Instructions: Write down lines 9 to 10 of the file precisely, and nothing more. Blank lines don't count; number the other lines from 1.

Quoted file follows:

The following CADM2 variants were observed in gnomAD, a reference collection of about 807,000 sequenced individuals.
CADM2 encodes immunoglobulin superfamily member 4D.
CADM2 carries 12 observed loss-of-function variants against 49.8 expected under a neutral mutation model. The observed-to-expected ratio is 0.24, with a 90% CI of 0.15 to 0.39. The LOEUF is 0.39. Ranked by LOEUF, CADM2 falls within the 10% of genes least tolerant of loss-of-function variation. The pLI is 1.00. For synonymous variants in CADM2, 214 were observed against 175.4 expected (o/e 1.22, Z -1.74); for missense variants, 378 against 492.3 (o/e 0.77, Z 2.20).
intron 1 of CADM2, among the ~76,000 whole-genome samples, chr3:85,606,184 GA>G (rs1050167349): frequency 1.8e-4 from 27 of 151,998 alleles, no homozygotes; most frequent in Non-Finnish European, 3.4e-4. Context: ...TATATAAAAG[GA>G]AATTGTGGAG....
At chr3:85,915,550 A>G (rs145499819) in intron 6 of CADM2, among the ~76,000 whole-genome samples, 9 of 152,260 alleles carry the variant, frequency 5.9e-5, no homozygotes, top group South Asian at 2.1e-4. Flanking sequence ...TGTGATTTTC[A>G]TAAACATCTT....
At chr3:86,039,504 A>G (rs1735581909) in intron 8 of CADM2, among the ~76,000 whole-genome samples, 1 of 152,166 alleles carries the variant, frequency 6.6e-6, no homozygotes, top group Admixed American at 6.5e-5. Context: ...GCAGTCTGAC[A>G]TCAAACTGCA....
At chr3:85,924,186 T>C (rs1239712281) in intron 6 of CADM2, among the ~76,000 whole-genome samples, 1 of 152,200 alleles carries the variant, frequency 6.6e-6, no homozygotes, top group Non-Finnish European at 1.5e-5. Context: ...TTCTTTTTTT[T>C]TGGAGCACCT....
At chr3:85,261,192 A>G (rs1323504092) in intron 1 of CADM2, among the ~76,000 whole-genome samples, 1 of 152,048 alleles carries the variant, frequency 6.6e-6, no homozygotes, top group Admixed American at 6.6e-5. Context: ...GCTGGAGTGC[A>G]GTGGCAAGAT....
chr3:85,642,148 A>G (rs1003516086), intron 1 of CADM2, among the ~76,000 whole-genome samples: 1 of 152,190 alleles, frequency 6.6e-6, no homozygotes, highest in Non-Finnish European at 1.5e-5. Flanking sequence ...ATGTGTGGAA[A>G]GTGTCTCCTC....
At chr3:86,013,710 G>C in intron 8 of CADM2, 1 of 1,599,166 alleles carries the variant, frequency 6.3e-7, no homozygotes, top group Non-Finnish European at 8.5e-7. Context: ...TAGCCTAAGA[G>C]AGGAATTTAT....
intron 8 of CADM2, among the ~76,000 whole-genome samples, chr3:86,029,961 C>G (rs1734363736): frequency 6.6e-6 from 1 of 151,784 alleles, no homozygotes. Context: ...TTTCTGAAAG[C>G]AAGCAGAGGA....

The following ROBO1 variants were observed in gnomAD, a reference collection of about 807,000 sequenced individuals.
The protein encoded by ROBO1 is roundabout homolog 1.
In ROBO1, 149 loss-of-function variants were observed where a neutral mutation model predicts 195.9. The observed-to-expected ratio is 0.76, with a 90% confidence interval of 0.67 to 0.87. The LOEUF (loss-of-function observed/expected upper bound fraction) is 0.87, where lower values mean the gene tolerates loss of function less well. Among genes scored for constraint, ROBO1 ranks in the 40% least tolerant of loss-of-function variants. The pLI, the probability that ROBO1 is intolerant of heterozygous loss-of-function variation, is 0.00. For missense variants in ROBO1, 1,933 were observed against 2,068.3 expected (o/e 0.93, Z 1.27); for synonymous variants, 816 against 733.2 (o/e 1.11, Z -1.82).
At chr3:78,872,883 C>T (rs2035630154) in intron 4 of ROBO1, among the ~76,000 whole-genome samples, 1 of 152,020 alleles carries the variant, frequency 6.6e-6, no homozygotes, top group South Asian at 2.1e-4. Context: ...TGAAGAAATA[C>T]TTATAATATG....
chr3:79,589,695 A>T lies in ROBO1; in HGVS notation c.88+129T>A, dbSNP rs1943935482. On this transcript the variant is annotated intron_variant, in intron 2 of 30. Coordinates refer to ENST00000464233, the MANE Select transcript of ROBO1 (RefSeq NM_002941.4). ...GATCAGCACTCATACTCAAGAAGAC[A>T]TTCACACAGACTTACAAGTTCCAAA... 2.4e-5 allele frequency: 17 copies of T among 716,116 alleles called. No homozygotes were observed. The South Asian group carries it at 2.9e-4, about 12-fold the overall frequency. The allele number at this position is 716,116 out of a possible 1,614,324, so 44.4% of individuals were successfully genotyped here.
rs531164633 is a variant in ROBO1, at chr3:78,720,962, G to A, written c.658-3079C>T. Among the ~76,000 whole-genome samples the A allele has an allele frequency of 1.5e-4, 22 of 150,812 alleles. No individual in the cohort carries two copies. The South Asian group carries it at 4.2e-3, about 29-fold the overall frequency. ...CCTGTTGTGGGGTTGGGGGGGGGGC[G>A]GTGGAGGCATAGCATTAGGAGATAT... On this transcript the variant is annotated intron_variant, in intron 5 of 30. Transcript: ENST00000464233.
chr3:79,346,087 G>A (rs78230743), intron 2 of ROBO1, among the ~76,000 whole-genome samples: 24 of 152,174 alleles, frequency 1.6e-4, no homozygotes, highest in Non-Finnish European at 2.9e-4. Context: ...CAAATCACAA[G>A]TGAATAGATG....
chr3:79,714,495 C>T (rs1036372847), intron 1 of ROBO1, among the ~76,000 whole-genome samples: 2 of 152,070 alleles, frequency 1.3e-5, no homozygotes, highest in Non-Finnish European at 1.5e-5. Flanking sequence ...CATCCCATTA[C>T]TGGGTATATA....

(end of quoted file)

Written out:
chr3:85,642,148 A>G (rs1003516086), intron 1 of CADM2, among the ~76,000 whole-genome samples: 1 of 152,190 alleles, frequency 6.6e-6, no homozygotes, highest in Non-Finnish European at 1.5e-5. Flanking sequence ...ATGTGTGGAA[A>G]GTGTCTCCTC....
At chr3:86,013,710 G>C in intron 8 of CADM2, 1 of 1,599,166 alleles carries the variant, frequency 6.3e-7, no homozygotes, top group Non-Finnish European at 8.5e-7. Context: ...TAGCCTAAGA[G>C]AGGAATTTAT....